From rag-gatherers to royalty, from fish knives to Freemasons: everyday life in Victorian London.
Like its acclaimed companion volumes, Elizabeth's London, Restoration London and Dr Johnson's London, this book is the product of the author's passionate interest in the realities of everyday life so often left out of history books. This period of mid Victorian London covers a huge span:
Victoria's wedding and the place of the royals in popular esteem; how the very poor lived, the underworld, prostitution, crime, prisons and transportation; the public utilities - Bazalgette on sewers and road design, Chadwick on pollution and sanitation; private charities - Peabody, Burdett Coutts - and workhouses; new terraced housing and transport, trains, omnibuses and the Underground; furniture and decor; families and the position of women; the prosperous middle classes and their new shops, such as Peter Jones and Harrods; entertaining and servants, food and drink; unlimited liability and bankruptcy; the rich, the marriage market, taxes and anti-semitism; the Empire, recruitment and press-gangs.
The period begins with the closing of the Fleet and Marshalsea prisons and ends with the first (steam-operated) Underground trains and the first Gilbert & Sullivan.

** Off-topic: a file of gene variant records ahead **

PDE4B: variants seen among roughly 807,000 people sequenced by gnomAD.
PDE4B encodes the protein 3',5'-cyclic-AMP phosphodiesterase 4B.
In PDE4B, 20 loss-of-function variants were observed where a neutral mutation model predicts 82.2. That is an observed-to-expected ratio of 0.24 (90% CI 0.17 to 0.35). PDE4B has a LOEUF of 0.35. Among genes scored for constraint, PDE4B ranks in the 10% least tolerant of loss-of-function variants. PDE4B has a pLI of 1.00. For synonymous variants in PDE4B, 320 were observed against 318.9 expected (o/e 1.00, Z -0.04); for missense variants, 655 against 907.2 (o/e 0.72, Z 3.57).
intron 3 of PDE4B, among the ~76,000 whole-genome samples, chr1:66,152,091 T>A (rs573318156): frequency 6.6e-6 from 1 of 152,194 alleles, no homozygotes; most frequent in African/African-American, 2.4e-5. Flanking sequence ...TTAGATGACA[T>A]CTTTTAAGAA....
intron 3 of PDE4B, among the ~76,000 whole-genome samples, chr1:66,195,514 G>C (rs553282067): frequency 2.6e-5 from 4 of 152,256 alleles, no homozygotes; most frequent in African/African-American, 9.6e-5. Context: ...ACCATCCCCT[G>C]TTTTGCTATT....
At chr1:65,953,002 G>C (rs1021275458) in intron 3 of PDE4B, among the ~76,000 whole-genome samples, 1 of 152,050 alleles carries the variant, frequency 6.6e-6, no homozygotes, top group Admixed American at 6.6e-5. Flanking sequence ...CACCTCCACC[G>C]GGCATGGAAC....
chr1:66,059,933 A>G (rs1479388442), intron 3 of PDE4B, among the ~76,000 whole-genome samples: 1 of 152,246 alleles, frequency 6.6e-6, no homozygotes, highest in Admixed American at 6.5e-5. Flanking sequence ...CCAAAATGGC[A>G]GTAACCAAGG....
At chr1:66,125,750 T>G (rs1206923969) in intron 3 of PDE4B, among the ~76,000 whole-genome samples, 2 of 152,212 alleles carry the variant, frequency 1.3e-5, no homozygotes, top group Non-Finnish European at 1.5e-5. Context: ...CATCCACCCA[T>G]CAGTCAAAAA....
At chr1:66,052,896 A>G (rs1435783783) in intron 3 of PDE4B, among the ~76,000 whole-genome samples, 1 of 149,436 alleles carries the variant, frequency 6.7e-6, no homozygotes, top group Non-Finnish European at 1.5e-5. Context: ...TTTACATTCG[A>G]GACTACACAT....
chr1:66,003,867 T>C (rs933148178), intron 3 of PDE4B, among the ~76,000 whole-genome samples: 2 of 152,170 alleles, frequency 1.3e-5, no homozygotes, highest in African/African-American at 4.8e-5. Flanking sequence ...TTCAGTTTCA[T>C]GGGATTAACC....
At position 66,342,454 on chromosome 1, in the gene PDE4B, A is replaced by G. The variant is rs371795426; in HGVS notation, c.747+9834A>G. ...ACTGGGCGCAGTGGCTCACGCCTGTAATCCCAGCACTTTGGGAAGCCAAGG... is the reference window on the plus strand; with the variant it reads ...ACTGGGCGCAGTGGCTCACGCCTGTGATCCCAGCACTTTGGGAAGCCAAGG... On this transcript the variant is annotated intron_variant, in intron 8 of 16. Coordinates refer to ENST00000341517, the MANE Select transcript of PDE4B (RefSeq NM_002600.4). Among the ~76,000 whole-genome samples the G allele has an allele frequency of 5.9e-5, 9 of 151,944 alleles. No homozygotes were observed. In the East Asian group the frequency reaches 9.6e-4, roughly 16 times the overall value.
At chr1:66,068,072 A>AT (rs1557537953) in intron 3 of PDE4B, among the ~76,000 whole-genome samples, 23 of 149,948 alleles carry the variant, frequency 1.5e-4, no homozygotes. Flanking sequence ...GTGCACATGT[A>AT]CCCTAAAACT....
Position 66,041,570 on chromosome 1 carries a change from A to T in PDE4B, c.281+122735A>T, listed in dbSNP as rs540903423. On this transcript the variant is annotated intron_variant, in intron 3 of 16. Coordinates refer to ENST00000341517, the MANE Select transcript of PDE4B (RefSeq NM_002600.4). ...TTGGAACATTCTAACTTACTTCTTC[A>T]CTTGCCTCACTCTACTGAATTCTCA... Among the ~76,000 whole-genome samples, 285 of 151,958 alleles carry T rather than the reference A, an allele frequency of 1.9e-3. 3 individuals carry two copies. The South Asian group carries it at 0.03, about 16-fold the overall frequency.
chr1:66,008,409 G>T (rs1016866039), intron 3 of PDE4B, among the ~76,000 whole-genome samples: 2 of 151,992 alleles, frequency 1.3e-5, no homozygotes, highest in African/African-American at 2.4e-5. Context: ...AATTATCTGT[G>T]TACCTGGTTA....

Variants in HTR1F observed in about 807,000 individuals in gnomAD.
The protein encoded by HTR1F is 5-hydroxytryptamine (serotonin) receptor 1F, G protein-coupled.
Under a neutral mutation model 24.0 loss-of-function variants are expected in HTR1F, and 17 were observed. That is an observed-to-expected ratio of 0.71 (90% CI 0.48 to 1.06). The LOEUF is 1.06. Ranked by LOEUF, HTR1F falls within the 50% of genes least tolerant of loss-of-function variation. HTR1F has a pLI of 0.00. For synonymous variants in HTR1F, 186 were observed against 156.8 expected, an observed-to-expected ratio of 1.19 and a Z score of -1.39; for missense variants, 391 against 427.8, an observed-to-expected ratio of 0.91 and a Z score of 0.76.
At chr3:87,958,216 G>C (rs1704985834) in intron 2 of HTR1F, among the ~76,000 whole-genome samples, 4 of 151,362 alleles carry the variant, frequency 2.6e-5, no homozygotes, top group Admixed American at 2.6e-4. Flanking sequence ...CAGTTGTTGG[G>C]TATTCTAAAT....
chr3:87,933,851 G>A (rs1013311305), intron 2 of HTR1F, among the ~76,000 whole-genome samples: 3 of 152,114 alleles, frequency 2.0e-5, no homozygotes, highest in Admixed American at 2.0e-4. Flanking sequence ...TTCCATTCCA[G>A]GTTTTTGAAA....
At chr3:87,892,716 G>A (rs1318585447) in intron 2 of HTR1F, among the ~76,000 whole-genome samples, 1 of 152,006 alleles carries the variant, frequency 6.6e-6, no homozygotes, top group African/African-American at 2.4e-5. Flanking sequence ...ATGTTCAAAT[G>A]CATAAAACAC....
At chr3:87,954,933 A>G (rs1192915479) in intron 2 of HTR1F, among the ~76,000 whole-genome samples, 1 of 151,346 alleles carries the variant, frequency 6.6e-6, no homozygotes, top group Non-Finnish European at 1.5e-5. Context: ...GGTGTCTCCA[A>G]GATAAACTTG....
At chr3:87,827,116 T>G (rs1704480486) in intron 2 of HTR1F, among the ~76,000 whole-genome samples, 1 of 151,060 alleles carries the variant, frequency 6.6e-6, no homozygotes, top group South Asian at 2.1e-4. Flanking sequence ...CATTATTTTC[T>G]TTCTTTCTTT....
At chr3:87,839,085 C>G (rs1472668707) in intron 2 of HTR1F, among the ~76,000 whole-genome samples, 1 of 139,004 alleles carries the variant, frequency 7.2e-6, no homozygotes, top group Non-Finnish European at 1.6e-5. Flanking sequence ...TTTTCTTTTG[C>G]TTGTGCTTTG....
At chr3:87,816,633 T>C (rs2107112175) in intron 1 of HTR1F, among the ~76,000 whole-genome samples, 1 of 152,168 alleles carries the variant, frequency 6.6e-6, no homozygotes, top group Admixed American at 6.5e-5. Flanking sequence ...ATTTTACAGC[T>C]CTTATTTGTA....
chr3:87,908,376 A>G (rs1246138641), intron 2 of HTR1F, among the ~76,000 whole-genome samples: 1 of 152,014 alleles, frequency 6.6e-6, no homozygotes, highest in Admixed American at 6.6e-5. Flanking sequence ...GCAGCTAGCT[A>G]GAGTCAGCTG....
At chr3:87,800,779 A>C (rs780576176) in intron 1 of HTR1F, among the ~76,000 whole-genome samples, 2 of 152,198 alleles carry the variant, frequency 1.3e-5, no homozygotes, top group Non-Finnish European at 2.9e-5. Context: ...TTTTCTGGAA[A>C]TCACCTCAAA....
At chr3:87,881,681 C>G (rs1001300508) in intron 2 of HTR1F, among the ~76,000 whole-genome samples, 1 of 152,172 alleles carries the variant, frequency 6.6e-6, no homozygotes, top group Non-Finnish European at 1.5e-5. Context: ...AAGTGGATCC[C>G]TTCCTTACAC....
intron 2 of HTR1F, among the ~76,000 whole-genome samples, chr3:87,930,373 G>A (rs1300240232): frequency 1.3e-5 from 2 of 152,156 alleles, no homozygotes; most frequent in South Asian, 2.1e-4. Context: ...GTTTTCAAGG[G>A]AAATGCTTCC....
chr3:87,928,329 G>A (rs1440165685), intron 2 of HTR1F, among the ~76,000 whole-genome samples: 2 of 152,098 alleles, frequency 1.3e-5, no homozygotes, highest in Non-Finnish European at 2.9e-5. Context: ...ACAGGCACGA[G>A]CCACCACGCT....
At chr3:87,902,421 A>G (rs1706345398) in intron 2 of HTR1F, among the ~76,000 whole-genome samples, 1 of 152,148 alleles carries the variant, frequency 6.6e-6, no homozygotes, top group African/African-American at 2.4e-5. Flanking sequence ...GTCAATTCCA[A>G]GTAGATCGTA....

Picard (Elizabeth's London) opens this entertaining study of London's modern transformation with the exemplary tale of engineering genius Joseph Bazalgette's new sewer complex, which relieved the city's stink from overflowing cesspits. She goes on to show how the rise of railways transformed Victorian urban planning, spurring the growth of commuter suburbs. Touching on philanthropic initiatives in public housing, Picard also describes the architectural quirks of the typical Victorian middle-class terraced house and the everyday workings of the city's police, fire, water, gas and refuse services. Picard uses the material details of working, middle and upper classes to tell the story of Victorian class difference, dwelling on the hardships of the domestic servant and the intricacies of some of London's more successful trades, from tanning to piano manufacture to sugar refining. She also provides a fascinating history of London hospitals and medical schools. Although Picard depends heavily on the writings of Jane Carlyle (wife of Thomas Carlyle) and the chronicler of Victorian poverty Thomas Mayhew, Picard's use of servant diaries, the journals of visiting French tourists and contemporary advice manuals is effective and often humorous. Arch and conversational in tone, Picard's history is an informative treat. 32 pages of color photos.